Friday, November 5, 2010

Giving Thanks

by Kerry, YEA Fall Intern

Everyone at some point in their lives has probably heard the expression “Come to the dinner table/eat your peas/finish your brussel sprouts! Don’t you know there are starving kids in the world?”

A few months ago, my six-year-old cousin Ann was dawdling to the dinner table when my uncle first said those well-known words to her. Her response was less well-known and not exactly the response her parents expected. Ann asked if they could tell her the addresses of the hungry kids so she could bring them her food because it made her sad that she had food and they didn’t. The expression aimed towards encouraging children to give thanks for what they have encouraged my cousin to give up her food to give to kids she didn’t even know so that they wouldn’t be hungry.

Who knew people in the United States, let alone youths in the United States, cared about helping people or appreciating what they have? After all, we’ve only recently been surpassed by China as the world’s largest consuming nation. We have less than 5 percent of the world population and use 21 percent of the world’s energy. We spend more money per day on blue jeans than some countries spend a year on food.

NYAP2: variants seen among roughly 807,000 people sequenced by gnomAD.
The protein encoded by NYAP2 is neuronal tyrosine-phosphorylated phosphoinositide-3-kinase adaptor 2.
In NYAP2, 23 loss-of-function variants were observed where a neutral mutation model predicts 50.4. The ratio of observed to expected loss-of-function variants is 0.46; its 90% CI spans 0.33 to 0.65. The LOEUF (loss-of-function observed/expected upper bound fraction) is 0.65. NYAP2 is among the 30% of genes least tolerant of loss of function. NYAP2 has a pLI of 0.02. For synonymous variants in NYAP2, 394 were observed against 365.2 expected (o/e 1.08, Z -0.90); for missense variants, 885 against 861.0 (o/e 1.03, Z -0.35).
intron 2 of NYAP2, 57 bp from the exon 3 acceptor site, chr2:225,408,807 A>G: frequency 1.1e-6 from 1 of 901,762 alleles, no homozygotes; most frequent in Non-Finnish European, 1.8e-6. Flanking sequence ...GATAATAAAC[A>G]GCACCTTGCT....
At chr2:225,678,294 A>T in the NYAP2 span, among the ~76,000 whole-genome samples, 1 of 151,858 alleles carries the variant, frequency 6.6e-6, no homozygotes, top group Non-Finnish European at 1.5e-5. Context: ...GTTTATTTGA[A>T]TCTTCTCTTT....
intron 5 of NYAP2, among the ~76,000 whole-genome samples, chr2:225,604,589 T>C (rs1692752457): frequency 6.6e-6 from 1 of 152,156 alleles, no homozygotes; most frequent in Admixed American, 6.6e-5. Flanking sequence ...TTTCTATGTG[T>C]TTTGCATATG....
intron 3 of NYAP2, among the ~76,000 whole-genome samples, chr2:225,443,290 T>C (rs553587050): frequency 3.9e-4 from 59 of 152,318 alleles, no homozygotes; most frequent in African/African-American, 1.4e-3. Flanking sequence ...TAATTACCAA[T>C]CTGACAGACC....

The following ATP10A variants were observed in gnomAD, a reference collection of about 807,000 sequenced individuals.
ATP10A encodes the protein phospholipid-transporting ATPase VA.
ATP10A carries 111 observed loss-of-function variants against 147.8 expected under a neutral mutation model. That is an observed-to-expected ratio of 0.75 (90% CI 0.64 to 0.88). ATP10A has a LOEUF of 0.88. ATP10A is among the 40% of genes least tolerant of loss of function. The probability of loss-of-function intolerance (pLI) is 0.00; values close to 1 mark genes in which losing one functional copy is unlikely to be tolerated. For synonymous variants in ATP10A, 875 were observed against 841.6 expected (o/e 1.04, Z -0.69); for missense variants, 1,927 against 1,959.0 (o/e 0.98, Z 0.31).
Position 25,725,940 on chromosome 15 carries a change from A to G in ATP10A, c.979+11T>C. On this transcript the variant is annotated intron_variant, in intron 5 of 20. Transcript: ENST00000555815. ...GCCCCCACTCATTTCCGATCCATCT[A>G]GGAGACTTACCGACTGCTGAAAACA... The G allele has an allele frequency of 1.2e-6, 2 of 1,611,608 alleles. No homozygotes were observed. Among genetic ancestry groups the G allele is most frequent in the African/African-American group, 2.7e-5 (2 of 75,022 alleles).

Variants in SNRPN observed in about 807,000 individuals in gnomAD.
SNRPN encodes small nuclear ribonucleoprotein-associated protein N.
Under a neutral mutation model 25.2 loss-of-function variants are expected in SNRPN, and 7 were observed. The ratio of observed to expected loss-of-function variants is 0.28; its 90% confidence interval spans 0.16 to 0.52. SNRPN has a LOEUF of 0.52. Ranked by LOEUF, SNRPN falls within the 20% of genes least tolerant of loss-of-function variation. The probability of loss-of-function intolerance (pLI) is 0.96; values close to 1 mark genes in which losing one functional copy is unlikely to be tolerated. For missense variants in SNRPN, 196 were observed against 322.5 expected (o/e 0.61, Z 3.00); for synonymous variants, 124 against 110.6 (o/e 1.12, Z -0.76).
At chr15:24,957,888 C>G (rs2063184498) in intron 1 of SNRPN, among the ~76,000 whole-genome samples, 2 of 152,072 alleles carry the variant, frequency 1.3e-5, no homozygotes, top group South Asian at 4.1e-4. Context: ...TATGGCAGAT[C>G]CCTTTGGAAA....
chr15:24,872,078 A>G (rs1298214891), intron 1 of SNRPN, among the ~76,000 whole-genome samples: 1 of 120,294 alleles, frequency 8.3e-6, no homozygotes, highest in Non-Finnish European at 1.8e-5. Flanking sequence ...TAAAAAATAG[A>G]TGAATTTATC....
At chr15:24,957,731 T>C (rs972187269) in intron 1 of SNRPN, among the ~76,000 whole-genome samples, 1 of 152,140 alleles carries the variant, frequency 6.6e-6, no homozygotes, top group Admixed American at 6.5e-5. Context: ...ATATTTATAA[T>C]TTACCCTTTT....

The United States actually gives the most money in aid to other countries; however, in terms of percent of all the money in the US, we’re very far from first place. Sweden, Luxembourg, Norway, Denmark, and the Netherlands far outrank the United States in terms of aid as a percent of all funds within the country. The United States and Japan are tied at .19% of national income going towards foreign aid.

Private philanthropy accounts for about 23% of all US funds towards other countries. Private philanthropy includes foundations, corporations, voluntary organizations, and universities and colleges. The Bill and Melinda Gates Foundation, spearheaded by billionaire Bill Gates and his wife Melinda, is the most well known of these types of organizations.

The statistics and data sets and pie charts don’t mention the young philanthropists or the children like my cousin who, given the opportunity, would help out people they’d never met in a heartbeat. They appreciate everything they’ve been lucky enough to have in life and would go even further and give up what they have to help others. In the upcoming holiday season, keep children like Ann in mind, but also the children she wanted to help and who desperately need help.

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